I spoke with Senator Chafee’s Chief Spokesman, Steve Hourahan, yesterday and was very pleased with the discussion. I think Senator Chafee is now moving from the ‘passive’ and ‘reactive’ in this matter on John Bolton — to ‘proactive’ and ‘aggressive’ in trying to get to the truth about the many allegations about Bolton.
Hourahan said that yesterday morning, Wednesday, Chafee met with staff and said that he planned to get actively involved in pursuing the totality of questions and evidence on John Bolton. Hourahan stated that the Senator and his staff would now become aggressively involved in the investigation.
Hourahan stated “Senator Chafee intends to get out in front of this — to see where the evidence on Mr. Bolton takes us. It will either remove the cloud over the nomination, or the evidence and investigation will end the matter.”
This is absolutely the right course. Senator Chafee started his opening comments by reinforcing the odd notion expressed by Bolton that U.N. Secretary General Kofi Annan had privately told Bolton that he “should hurry up and get confirmed and get to the Waldorf.” Bolton mentioned this comment during his Senate confirmation hearings. Chafee mentioned it again — saying favorably about Annan’s comment, “Well, that says a lot.”
I have chased down whether Annan will admit to saying this to Bolton or not — and the Secretary General’s office refuses to comment — and will neither confirm or deny — Annan’s comment to Bolton. What is interesting though is that another very senior member of the U.N. Secretariat expressed his irritation that people like Bolton could make such comments without much fear of being corrected. There are strict rules in the Secretary General’s office that they may not speak out against or correcting member nation pronouncements — and oddly, this Bolton comment falls into that category.
What I was told, with a trill and exaggerated voice, by this U.N. diplomat who is actually in a good position to know about most interactions between Bolton and Annan is that these were “alleged” comments by the Secretary General.
But Chafee seems to be getting ready to place himself at the lead of the pack — which is the only sensible position to be in if other colleagues like Senators Voinovich and Hagel also have deep doubts. I should say that Senators Lamar Alexander and Lisa Murkowski are also not as solid for Bolton as many think, and their support may be crumbling.
Charles Babington and Jim VandeHei of the Washington Post had this good summary of the re-crafted Lincoln Chafee position today:
A key Republican senator signaled yesterday that he is less likely to support the embattled nomination of John R. Bolton to be U.S. ambassador to the United Nations after a dramatic meeting Tuesday, and said he will discuss with GOP colleagues whether President Bush should withdraw Bolton’s name.
The White House, meanwhile, launched an aggressive campaign to salvage the nomination. Spokesman Scott McClellan accused Democrats of manufacturing charges to discredit Bolton and “score political points.”
Sen. Lincoln D. Chafee (R-R.I.), a member of the Foreign Relations Committee that is weighing the nomination, “is less likely right now” to vote to confirm Bolton, his spokesman Stephen Hourahan said in an interview. The senator, he said, “wants to get to the bottom” of new allegations about Bolton’s dealings with subordinates and classified information. Until Tuesday, when committee Democrats attacked Bolton’s record and won a three-week extension to investigate it, Chafee repeatedly had said he was reluctantly inclined to vote for Bolton.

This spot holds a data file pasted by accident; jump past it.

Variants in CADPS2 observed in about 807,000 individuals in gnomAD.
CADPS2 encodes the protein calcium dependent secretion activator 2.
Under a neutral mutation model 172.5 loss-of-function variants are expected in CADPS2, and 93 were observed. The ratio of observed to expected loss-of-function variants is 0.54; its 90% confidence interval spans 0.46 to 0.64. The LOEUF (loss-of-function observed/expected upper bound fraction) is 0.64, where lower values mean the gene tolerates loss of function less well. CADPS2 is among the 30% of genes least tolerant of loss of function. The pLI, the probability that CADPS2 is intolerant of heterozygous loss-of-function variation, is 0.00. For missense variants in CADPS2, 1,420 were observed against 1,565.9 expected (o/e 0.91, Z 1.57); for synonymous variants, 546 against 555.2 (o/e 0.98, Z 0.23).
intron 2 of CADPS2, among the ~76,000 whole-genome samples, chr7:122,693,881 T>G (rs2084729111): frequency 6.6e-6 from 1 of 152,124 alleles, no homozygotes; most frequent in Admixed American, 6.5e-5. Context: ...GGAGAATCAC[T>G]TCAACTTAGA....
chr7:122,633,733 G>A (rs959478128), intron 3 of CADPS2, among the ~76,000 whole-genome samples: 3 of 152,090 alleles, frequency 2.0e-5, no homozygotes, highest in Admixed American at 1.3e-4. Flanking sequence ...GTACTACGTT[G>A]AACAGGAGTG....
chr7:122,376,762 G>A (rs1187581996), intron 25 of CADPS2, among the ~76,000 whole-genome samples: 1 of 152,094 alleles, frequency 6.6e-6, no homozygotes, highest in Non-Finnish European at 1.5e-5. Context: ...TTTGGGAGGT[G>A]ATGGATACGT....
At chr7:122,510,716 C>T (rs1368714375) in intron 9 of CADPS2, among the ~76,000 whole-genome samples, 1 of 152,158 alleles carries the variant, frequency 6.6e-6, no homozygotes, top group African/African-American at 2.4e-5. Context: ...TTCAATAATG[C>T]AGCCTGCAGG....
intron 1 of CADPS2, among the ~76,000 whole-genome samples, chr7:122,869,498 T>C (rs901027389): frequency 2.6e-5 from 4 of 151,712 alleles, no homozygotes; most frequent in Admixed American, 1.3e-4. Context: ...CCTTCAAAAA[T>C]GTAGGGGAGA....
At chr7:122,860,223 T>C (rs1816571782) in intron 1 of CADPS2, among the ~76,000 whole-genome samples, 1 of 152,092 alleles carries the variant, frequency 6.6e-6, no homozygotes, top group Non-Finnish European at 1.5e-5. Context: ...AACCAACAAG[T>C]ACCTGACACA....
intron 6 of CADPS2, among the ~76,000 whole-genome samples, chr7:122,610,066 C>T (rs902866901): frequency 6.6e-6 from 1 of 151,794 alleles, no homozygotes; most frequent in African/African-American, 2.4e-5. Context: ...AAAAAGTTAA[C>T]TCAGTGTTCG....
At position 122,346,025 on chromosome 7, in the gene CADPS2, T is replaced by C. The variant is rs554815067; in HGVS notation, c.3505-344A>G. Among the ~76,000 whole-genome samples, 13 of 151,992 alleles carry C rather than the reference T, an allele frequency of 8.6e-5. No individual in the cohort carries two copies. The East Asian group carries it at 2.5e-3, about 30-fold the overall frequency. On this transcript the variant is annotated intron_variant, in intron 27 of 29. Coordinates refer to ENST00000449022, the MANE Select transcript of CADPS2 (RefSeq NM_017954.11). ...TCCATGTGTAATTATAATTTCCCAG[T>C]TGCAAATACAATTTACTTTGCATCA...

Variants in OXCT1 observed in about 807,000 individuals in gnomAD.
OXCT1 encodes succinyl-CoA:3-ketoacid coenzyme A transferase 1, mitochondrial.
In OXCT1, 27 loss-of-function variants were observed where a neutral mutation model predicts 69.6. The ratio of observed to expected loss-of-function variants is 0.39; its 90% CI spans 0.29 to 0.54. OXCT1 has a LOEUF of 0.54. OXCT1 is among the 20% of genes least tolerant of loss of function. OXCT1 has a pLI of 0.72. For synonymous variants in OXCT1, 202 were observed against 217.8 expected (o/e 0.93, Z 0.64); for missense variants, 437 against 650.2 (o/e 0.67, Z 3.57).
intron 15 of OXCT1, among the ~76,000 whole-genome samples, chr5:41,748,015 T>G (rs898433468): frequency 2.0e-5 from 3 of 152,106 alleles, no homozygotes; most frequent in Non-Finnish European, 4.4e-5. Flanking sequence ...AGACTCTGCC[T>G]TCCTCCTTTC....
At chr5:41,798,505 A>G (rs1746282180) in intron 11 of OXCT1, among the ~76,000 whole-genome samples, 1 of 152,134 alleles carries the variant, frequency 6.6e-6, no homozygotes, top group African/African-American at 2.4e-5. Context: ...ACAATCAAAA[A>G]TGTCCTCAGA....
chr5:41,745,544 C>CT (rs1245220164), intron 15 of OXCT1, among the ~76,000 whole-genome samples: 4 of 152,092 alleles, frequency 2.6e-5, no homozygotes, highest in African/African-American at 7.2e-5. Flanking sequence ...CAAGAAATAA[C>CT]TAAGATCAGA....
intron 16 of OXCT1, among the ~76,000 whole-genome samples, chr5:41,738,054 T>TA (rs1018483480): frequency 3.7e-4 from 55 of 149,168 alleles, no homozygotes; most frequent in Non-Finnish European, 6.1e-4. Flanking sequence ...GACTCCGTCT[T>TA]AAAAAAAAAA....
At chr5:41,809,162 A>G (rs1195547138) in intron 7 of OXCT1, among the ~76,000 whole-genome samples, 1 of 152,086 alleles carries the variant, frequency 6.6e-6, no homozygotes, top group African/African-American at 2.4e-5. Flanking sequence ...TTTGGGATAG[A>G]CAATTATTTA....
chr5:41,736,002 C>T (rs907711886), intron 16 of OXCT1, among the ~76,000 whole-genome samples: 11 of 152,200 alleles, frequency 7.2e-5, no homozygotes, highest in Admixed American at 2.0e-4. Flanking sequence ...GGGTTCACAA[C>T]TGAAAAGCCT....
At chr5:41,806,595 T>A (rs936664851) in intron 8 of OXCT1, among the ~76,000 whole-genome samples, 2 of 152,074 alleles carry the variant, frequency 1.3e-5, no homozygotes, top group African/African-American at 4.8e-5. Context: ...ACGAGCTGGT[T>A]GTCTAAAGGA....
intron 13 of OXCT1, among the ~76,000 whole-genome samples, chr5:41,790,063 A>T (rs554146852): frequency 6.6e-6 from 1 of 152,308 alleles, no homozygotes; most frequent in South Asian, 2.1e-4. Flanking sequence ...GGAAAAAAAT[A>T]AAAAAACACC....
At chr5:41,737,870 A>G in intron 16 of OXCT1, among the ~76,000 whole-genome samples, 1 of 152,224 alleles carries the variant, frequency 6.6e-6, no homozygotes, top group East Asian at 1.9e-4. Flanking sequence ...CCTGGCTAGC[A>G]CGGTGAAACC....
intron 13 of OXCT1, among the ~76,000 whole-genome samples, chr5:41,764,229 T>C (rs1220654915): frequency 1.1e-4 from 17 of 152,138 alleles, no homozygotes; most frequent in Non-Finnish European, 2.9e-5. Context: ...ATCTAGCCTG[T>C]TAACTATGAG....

A negative vote by Chafee could deeply wound the nomination because it would prevent the committee — which Republicans control 10 to 8 — from recommending Bolton to the full Senate. With all eight committee Democrats opposed to Bolton, a Chafee defection would lead to a 9 to 9 tie at best. The nomination then could reach the Senate floor only with “no recommendation” from the committee, a dubious status that might make it easier for unenthusiastic Republicans to vote against it.
The press is making a mistake by focusing just on Lincoln Chafee and the prospect of a 9-9 vote.
What happened on Tuesday is that the possibility of a 11-7 vote against Bolton appeared. Chafee may be the first to clearly jump ship — which is the only “smart politics” if Hagel and Voinovich are likely to vote against.
Chafee counted on most Americans, particularly Rhode Islanders, not knowing and not caring who John Bolton was. The White House made the same rather cynical calculation.
That is not possible now. While Bolton is not quite a house-hold name, those interested in policy and politics realize that this is now a big-time standoff and battle. In my view, it is NOT a partisan battle and should not be. What moderate Republicans need to do is stand by conscience and use this opportunity to return to promoting sensible, principled American leadership in world affairs — that has both purpose, serious objectives to pursue, and treats other nations with dignity.
I think that Chafee has sent the right signals that he is going to investigate this issue on Bolton hard and furious — and go wherever his investigative activities take him. I hope TWN can help in that endeavor.
Likewise, it doesn’t seem likely to me that the case against Bolton will become less solid. I think that there is a tendency to “pile-on” in situations like this — and I feel that what is most important is to consolidate the case at hand. Look at the veracity and significance of new allegations against Mr. Bolton.
But the most serious and important task — GET THE NSA INTERCEPTS.
And read them. In my view, the Jack Pritchard story continues to be the most important because of Bolton’s reckless disregard for serious and fragile diplomatic efforts underway.
— Steve Clemons